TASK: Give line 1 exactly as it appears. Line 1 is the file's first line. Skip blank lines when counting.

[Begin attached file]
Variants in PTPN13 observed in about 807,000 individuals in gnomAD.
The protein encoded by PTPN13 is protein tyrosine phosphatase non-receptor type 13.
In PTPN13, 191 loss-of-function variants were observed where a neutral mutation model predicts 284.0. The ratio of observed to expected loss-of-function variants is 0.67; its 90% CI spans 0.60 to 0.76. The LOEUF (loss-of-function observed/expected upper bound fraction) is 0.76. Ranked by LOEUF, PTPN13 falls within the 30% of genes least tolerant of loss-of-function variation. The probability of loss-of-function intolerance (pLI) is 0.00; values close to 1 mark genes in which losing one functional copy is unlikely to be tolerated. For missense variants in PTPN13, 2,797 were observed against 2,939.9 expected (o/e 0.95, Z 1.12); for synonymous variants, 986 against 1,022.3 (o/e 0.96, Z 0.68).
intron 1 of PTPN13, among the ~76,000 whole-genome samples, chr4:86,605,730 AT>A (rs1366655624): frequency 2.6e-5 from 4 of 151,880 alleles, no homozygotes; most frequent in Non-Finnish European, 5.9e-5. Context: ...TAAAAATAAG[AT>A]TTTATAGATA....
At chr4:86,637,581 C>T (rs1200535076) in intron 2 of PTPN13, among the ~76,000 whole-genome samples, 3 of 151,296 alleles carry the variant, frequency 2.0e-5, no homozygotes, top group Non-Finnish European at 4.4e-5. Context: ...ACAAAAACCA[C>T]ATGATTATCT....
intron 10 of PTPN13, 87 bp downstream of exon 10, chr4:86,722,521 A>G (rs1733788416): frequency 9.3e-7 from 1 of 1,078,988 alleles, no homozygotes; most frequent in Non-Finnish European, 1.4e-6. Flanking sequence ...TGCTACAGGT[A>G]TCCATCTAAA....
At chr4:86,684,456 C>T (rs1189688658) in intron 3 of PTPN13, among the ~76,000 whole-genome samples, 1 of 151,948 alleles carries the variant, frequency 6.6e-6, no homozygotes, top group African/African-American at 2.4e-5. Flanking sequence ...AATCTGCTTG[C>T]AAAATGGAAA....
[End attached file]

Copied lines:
Variants in PTPN13 observed in about 807,000 individuals in gnomAD.